When the tricolour was still but hearts fluttered

November 14th, 2008 - 11:07 pm ICT by IANS  

ISROBangalore, Nov 14 (IANS) Perhaps for the first time since India adopted the saffron-white-green tricolour as its flag, millions of hearts across the country fluttered but not the flag itself when it reached the lunar surface, around 384,000 km away, Friday night. The heart beat was faster at Indian Space Research Organisation ISRO’s deep space network (DSN) at Byalalu, about 40 kms from Bangalore city centre, and its telemetry, tracking and command network (Istrac), much closer to the city.

It was a cavalcade of emotions at DSN and Istrac - tension, anxiety, excitement with a tinge of apprehension dominating as scientists issued the command to their ‘baby’, India’s unmanned moon spacecraft Chandrayaan-1, to detach the moon impact probe (MIP) and allow it to hurtle towards the moon at four to five km a minute and still land safely on the lunar surface after a journey of about 25 minutes covering the 100 km distance.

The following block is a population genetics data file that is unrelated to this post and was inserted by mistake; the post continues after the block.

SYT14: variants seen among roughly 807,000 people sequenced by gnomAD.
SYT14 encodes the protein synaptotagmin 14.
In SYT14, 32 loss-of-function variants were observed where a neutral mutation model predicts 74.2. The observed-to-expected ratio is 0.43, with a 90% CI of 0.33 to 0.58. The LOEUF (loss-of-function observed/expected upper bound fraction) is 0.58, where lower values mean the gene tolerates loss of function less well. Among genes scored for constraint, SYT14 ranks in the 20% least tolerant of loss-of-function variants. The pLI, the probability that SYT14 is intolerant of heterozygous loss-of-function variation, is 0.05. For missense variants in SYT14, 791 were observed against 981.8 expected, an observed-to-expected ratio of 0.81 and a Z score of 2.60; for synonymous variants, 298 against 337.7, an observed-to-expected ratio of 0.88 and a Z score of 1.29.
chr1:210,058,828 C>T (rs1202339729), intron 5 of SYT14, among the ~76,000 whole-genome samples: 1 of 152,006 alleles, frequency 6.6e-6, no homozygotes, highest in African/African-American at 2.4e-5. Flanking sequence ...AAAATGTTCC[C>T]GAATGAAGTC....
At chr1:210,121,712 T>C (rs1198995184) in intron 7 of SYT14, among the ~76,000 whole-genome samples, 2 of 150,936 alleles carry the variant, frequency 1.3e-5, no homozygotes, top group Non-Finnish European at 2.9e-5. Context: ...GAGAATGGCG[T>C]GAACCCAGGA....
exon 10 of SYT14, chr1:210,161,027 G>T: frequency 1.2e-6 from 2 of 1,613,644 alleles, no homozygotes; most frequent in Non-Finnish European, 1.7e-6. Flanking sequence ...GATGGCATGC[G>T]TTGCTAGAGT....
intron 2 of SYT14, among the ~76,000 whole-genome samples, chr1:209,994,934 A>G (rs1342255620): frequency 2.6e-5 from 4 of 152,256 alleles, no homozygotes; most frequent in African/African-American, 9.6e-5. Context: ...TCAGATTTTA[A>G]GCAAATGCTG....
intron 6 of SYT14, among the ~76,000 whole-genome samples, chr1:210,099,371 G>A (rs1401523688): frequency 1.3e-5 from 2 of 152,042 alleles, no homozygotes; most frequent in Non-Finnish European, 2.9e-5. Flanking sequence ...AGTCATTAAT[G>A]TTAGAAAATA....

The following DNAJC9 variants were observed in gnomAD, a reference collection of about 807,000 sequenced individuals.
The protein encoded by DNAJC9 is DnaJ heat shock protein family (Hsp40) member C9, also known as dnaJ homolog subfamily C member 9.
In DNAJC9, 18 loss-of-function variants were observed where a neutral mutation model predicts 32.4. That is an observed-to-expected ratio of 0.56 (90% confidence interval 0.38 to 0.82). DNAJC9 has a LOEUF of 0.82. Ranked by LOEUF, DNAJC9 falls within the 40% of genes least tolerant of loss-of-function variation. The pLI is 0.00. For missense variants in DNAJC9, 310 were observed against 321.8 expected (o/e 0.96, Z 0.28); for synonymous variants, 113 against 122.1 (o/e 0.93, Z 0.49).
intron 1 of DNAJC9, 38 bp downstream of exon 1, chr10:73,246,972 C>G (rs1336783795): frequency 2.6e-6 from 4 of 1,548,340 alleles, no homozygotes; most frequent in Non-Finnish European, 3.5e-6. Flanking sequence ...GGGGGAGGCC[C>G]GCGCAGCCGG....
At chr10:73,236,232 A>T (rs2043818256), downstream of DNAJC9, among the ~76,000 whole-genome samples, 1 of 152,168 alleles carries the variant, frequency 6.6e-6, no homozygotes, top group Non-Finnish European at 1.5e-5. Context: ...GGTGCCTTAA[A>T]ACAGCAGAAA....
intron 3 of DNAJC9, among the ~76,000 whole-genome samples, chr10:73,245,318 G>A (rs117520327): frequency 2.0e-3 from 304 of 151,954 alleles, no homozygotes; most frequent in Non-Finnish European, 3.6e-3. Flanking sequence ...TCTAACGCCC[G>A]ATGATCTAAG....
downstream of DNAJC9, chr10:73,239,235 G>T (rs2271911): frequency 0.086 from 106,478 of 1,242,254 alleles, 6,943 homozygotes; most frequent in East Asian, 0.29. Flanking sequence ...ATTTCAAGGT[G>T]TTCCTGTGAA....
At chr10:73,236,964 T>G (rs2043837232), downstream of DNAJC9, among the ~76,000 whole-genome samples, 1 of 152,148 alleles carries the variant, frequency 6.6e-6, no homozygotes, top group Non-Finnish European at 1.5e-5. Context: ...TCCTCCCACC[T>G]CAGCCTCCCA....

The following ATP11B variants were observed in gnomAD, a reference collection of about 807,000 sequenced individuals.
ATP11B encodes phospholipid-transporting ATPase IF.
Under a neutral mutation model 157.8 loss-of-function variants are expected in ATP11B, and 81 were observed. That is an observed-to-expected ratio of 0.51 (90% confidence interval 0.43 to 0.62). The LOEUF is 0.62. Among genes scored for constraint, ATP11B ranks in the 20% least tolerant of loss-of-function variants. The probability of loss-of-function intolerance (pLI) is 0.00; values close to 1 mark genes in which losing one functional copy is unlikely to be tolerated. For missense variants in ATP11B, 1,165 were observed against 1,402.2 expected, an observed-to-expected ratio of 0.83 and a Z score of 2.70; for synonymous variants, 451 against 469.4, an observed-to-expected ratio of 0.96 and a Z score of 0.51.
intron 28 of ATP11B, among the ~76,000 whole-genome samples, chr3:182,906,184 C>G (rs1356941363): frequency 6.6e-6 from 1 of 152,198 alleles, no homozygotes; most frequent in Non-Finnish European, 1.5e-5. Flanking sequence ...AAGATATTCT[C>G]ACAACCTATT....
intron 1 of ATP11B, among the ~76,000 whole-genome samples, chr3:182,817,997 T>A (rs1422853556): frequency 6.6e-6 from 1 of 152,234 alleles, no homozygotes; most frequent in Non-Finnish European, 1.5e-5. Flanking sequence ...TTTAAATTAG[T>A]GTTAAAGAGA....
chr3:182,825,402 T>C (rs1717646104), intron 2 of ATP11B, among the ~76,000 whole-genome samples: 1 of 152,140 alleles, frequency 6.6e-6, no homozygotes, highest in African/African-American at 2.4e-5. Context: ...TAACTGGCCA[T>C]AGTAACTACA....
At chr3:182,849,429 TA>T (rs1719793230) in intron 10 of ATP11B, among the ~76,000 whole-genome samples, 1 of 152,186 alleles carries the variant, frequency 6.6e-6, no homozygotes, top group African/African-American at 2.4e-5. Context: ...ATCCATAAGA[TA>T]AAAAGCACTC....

Sigh of relief, broad smiles, loud applause broke out as the MIP reached its destination. Handshakes and patting on the success of the complex manouevre followed.

Of course, the tricolour did not flutter on the moon’s surface. First, because there is no atmosphere on the moon, and second, because it is not a flag, but the tricolour painted on the four sides of the 375 mm x 375 mm x 470 mm MIP, the first Indian made object to land on the moon, 50 years after the Soviet Union’s Luna 2 became the first man-made object reach the lunar surface.

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